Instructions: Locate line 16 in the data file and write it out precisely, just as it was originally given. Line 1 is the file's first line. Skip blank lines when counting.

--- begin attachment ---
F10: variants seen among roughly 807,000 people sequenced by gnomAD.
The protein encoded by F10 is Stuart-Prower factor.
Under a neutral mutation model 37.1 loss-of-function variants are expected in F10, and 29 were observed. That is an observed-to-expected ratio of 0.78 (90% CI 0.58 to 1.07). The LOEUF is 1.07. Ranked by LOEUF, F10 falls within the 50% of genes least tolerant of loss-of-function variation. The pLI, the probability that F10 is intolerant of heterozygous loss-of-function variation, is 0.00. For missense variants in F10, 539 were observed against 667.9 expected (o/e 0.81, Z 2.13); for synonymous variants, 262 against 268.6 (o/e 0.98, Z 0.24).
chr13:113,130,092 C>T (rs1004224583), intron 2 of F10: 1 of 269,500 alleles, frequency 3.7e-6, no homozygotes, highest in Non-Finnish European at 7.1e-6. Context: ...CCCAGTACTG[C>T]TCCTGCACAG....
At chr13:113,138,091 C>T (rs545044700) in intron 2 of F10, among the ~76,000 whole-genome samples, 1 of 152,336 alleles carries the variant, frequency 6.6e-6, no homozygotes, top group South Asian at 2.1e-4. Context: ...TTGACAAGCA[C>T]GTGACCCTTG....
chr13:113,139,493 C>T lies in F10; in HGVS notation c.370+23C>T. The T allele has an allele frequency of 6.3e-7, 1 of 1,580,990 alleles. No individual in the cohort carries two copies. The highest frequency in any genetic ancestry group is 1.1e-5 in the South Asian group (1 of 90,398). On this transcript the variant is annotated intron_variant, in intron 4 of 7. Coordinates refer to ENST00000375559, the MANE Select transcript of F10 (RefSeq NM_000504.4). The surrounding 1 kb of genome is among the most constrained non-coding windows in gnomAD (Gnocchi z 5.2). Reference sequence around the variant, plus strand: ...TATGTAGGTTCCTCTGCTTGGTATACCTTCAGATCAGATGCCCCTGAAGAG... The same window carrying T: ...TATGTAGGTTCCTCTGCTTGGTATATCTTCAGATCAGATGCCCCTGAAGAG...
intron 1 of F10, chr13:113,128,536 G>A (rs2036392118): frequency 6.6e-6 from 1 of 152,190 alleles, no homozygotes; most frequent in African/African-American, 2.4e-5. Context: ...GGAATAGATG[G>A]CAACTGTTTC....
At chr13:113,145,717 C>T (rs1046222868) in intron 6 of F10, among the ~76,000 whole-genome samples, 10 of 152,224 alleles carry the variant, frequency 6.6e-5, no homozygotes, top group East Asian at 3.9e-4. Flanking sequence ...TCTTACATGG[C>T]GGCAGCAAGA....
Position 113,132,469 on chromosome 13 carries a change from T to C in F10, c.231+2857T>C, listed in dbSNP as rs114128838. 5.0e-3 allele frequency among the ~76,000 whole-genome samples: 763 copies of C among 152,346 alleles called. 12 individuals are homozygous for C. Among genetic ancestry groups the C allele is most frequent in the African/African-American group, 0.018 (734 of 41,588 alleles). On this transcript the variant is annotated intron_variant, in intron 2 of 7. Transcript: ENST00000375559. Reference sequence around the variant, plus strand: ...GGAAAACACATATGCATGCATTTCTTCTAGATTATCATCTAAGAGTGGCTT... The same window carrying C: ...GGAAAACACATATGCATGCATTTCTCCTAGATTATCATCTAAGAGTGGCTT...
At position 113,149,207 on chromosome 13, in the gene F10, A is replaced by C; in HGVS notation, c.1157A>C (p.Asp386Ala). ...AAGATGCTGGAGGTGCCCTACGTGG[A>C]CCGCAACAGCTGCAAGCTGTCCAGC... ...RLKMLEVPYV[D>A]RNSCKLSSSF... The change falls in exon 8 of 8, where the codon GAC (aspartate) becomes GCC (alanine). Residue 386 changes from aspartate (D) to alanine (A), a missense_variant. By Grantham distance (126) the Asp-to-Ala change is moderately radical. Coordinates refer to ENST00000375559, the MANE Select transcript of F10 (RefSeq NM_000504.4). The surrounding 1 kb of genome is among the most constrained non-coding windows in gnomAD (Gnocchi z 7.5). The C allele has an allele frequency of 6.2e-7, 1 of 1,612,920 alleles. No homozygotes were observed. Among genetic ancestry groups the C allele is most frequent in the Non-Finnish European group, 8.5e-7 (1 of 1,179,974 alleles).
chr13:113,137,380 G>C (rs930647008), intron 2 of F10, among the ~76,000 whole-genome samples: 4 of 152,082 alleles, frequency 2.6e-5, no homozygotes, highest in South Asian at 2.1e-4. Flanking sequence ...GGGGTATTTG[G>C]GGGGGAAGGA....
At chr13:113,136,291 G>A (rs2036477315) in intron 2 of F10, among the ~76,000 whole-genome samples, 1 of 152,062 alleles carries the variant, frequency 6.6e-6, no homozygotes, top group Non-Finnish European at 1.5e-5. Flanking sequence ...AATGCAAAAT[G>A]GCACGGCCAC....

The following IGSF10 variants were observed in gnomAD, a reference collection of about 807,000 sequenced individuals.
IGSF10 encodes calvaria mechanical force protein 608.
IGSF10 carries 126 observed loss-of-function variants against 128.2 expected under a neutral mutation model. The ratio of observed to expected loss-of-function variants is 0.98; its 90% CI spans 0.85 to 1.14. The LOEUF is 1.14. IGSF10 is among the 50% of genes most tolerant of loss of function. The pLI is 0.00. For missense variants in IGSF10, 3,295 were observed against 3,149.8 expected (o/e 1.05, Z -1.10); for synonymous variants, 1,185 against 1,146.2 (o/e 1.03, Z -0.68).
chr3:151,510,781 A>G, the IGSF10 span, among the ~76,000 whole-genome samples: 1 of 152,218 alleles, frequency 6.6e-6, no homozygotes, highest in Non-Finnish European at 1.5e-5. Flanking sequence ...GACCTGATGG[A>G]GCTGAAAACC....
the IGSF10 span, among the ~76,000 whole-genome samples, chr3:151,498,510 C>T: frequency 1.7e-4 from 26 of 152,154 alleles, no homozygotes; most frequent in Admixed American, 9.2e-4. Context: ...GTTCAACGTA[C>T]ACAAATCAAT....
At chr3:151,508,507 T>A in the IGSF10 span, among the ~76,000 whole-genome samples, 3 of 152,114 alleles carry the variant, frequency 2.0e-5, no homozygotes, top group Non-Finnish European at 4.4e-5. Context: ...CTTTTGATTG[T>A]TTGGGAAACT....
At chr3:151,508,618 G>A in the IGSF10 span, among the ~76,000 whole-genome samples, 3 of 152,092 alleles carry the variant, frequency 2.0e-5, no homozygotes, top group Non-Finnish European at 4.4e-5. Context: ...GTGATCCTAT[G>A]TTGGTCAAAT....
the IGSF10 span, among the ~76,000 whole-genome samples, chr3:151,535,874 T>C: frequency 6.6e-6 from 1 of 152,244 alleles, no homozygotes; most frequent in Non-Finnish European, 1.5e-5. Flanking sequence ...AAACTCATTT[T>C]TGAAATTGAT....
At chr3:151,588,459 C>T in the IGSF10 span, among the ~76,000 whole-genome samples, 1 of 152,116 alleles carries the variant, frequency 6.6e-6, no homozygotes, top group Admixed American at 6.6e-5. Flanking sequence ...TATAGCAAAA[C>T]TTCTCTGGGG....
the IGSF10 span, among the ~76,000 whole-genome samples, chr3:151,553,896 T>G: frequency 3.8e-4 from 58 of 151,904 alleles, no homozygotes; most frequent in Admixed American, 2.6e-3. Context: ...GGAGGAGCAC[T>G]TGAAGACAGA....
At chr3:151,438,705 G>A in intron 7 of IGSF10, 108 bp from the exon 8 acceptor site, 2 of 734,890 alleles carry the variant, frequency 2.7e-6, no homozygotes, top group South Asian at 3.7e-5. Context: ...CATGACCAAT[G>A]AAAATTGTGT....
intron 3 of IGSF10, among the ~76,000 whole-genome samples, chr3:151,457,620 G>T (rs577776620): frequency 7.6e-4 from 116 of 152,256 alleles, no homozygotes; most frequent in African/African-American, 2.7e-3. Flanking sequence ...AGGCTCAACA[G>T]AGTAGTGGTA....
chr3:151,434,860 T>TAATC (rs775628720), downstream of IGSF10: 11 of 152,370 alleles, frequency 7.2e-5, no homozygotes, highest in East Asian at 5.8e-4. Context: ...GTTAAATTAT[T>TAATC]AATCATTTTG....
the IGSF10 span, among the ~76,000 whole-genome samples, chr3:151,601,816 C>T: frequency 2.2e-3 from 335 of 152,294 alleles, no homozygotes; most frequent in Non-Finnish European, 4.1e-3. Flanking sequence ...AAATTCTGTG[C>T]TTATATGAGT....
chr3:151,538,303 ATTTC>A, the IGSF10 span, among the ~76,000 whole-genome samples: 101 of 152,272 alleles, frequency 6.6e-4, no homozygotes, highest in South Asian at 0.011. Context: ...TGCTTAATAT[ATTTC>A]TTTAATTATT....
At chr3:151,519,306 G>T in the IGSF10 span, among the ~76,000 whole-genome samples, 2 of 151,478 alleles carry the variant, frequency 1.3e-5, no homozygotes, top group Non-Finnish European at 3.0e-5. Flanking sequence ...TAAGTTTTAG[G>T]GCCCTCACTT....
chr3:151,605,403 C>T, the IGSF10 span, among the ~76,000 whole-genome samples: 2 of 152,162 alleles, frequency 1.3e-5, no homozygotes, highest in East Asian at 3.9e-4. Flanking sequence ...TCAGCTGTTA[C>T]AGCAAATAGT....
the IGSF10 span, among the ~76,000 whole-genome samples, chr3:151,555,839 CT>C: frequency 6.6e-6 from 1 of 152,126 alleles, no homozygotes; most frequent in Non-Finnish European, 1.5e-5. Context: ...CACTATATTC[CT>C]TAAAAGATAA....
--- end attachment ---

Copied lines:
chr3:151,510,781 A>G, the IGSF10 span, among the ~76,000 whole-genome samples: 1 of 152,218 alleles, frequency 6.6e-6, no homozygotes, highest in Non-Finnish European at 1.5e-5. Flanking sequence ...GACCTGATGG[A>G]GCTGAAAACC....